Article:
'Holding your breath' because of the builders has tremendous symbolism...

Kathleen said...

wise observations Leslie and heart felt sympathies with you ECD

we wonder How can the vicious circle and cycle be broken...
the more people there are, the more resources and jobs there must be ....
multiple actions must happen and one whole category of vital importance to Open Up as never before is the green roles and mindset that can be utilized to counter the trends...and at the same time providing for more of the necessary employment and opportunity! ....

we need to take back the word thrown at us as a derogatory- 'treehugger'- with pride and call for our leaders to embrace the word's truest implications .... as no politician would dare not kiss a baby, let none dare to disparage that term...

thomas friedman wrote a wonderful article about the future needs and of the greening of America and our role in the global and national future ... that we need not a 'blue' president nor a 'red' president
but a Green President

Kathleen said...

the power of green

Janice Thomson said...

I remember biking past a beautiful tree that shaded a corner lot for years - it was a site to behold in any season. There came a day when I stopped in my tracks to see workmen chopping down, limb by limb, this ancient and beautiful tree. To say I was sick to my stomach is an understatement for it went far deeper than that. It felt as though a piece of me had been chopped too - and all to line another man's pocket with money.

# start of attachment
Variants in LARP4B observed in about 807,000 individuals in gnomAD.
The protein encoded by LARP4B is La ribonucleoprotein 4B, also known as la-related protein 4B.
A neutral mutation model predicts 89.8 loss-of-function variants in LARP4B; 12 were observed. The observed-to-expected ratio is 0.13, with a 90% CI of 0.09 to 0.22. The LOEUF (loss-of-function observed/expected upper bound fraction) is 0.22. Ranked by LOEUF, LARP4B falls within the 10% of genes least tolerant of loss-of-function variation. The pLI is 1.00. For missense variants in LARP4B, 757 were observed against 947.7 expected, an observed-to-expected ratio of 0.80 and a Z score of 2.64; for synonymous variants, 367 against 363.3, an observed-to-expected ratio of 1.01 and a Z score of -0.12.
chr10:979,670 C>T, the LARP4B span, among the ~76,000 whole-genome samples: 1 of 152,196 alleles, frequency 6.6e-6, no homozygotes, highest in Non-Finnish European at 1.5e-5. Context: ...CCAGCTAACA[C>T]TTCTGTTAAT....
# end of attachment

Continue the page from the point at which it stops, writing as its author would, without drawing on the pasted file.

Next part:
However I saw the same thing with the next door neighbor who cut down two 150 year old fir trees - trees that I watched the osprey make a home in- trees the raccoons used to play in and trees that gave some much needed shade in my own back yard in summer. As Leslie has mentioned it begins with the individual, starting at home, who is taught from a wee toddler to love nature - to embrace her goodness; it must be taught by the teachers in our schools, by the ministers in our churches and by the leaders of government.

eastcoastdweller said...

Leslie: You are right. It does take individuals, not a system. If I remember my ancient history correctly, the Soviets loved to point out the environmental sins of the West while keeping a very tight lid on the huge-scale, horrible messes they were making in their own domain and talking publicly about how communism was the best thing for the environment.

eastcoastdweller said...

It seems to me that the way to live in harmony, and indeed, the way that people have lived for most of history, is to have people living together in a community, with all necessary resources within walking distance, and surrounding that settlement, a green belt, a definite boundary.

Keep traveling beyond that countryside, sparsely inhabited by hardy folk, and eventually you reach another city.

The natural law is violated when those green belts are eliminated and city meets city with no break in between. And when you have to drive a car to go to the library or buy a gallon of milk. And when there is nowhere for children to play or people to walk.